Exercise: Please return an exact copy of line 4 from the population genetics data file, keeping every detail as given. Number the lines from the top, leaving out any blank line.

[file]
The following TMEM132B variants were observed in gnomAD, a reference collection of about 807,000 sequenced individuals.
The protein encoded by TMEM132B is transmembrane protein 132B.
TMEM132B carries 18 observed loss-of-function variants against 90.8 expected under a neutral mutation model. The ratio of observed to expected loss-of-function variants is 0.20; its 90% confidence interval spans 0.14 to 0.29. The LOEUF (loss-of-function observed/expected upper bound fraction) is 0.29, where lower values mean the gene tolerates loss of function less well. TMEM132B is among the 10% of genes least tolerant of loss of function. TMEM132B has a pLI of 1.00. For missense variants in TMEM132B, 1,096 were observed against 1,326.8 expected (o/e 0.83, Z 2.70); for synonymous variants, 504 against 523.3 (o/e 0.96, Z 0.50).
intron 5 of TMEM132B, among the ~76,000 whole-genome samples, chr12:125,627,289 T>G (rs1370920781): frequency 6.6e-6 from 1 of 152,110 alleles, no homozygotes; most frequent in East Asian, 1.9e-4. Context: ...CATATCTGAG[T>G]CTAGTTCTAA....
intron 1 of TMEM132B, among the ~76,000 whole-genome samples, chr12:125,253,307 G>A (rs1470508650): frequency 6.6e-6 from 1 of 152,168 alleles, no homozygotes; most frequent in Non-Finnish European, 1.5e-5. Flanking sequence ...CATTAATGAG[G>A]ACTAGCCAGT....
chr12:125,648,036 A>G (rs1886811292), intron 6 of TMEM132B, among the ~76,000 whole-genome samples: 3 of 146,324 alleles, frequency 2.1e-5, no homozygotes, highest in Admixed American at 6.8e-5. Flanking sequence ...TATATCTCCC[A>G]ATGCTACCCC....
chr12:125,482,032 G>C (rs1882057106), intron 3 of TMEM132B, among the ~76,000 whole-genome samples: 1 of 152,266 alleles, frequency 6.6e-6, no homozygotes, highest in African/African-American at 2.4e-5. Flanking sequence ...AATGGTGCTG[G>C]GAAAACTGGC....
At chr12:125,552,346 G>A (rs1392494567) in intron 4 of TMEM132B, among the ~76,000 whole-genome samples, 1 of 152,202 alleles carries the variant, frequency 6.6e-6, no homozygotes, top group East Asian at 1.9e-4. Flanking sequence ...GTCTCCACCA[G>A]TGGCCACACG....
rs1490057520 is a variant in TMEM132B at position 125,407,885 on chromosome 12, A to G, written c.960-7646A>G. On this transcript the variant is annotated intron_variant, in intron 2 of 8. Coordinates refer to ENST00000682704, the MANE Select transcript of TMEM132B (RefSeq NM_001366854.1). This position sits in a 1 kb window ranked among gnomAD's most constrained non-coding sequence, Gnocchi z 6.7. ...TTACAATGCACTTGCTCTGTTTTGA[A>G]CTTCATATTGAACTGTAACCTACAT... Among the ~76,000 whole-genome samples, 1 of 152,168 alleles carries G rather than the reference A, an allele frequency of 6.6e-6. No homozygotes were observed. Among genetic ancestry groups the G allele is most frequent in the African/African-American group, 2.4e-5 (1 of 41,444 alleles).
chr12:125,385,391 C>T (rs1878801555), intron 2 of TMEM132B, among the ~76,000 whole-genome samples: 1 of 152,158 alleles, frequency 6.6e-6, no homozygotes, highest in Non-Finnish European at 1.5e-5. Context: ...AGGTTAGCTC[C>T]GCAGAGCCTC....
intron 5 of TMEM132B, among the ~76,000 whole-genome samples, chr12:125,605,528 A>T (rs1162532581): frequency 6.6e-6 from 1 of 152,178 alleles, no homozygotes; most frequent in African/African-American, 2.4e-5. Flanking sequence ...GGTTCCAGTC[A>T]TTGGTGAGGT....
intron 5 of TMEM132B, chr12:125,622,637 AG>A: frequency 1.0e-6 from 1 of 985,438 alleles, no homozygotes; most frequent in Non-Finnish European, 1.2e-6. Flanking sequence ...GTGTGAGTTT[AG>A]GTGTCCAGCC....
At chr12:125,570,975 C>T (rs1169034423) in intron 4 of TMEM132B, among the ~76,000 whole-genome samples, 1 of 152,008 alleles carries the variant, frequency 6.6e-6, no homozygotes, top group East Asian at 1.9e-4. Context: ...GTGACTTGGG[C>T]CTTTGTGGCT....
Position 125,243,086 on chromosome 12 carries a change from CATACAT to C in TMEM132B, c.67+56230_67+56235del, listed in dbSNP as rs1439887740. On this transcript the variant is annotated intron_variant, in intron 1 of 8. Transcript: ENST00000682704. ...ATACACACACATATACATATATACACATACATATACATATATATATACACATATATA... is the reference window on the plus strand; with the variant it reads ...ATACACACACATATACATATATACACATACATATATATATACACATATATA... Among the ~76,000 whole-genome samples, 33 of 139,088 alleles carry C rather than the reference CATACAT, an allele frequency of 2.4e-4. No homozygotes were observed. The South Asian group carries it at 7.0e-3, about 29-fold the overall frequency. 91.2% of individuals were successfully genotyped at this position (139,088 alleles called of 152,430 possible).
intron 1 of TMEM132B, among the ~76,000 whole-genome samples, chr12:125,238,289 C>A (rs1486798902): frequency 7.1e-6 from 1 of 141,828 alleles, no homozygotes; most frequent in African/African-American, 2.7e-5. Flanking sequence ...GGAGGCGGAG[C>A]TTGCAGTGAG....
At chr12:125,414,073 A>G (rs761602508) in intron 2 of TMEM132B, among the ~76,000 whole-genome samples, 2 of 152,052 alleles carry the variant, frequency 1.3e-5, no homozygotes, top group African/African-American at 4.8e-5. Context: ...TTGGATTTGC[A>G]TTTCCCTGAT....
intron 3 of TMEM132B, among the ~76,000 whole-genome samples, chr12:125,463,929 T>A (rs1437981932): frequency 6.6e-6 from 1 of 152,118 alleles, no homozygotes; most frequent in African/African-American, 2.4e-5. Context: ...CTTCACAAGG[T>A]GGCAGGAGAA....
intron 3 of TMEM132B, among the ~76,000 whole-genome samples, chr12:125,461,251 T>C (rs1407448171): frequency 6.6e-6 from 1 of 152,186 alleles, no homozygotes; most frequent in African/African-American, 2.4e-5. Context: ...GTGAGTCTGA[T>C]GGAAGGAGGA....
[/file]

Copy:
intron 5 of TMEM132B, among the ~76,000 whole-genome samples, chr12:125,627,289 T>G (rs1370920781): frequency 6.6e-6 from 1 of 152,110 alleles, no homozygotes; most frequent in East Asian, 1.9e-4. Context: ...CATATCTGAG[T>G]CTAGTTCTAA....